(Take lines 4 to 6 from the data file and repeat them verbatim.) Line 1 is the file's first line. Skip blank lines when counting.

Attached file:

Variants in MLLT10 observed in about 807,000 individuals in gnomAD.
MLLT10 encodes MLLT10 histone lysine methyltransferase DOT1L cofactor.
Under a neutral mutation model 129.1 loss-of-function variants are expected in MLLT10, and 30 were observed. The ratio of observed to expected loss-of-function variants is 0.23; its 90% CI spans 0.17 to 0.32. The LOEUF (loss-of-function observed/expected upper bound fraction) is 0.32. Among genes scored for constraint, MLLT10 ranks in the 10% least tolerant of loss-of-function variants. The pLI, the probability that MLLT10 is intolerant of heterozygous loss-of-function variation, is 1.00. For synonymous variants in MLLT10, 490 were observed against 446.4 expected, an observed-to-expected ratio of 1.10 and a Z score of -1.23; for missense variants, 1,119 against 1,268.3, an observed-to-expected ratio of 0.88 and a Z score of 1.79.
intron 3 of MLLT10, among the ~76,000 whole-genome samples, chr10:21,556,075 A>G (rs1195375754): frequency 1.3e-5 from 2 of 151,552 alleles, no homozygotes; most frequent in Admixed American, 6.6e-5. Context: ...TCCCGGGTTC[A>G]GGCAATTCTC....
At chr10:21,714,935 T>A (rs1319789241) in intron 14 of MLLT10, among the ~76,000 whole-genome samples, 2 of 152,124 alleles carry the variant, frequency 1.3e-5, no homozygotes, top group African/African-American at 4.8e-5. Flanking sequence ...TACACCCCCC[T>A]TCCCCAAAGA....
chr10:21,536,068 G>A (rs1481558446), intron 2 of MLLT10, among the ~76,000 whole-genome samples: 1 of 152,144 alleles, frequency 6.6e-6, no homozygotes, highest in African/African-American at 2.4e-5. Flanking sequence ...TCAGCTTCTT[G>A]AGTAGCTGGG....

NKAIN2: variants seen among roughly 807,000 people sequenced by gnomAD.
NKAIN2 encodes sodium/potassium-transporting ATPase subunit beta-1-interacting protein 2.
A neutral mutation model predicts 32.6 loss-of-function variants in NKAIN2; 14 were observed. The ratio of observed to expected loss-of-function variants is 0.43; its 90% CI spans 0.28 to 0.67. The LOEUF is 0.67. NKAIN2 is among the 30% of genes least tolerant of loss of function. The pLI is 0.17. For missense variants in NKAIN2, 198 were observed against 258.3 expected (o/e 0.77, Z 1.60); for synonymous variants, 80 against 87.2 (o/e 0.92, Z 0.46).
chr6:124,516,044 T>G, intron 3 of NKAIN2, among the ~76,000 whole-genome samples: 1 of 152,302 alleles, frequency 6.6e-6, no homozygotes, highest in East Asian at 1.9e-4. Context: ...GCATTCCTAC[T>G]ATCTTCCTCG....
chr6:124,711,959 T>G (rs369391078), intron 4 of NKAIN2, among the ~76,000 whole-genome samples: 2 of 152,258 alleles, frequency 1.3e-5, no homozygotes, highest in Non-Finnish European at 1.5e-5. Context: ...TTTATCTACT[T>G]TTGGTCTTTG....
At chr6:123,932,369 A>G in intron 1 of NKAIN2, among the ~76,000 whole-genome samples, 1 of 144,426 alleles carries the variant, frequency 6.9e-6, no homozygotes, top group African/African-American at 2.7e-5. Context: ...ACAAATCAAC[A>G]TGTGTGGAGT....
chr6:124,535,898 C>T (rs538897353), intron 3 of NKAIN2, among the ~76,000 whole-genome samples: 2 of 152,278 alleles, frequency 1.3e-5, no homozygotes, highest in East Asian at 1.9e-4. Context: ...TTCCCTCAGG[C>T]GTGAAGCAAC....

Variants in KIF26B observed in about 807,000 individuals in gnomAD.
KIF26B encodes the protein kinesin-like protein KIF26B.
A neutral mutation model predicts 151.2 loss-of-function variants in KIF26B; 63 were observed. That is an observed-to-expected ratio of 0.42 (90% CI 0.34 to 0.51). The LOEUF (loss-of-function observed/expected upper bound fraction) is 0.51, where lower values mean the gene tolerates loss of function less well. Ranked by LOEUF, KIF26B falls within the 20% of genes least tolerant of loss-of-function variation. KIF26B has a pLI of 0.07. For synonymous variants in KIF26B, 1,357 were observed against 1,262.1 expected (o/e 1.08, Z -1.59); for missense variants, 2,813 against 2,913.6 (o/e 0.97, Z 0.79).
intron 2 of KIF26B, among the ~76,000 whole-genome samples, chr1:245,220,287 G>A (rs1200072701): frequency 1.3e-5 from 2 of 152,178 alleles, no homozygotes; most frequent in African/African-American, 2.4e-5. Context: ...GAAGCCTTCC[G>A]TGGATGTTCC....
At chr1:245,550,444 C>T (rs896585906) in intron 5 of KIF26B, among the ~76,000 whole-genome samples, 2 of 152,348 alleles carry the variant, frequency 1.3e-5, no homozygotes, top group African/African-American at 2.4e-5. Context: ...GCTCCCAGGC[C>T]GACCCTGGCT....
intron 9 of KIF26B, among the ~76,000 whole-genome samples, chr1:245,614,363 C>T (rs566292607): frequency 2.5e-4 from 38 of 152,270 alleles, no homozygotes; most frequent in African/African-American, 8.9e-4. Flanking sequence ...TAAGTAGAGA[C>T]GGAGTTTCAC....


intron 3 of MLLT10, among the ~76,000 whole-genome samples, chr10:21,556,075 A>G (rs1195375754): frequency 1.3e-5 from 2 of 151,552 alleles, no homozygotes; most frequent in Admixed American, 6.6e-5. Context: ...TCCCGGGTTC[A>G]GGCAATTCTC....
At chr10:21,714,935 T>A (rs1319789241) in intron 14 of MLLT10, among the ~76,000 whole-genome samples, 2 of 152,124 alleles carry the variant, frequency 1.3e-5, no homozygotes, top group African/African-American at 4.8e-5. Flanking sequence ...TACACCCCCC[T>A]TCCCCAAAGA....
chr10:21,536,068 G>A (rs1481558446), intron 2 of MLLT10, among the ~76,000 whole-genome samples: 1 of 152,144 alleles, frequency 6.6e-6, no homozygotes, highest in African/African-American at 2.4e-5. Flanking sequence ...TCAGCTTCTT[G>A]AGTAGCTGGG....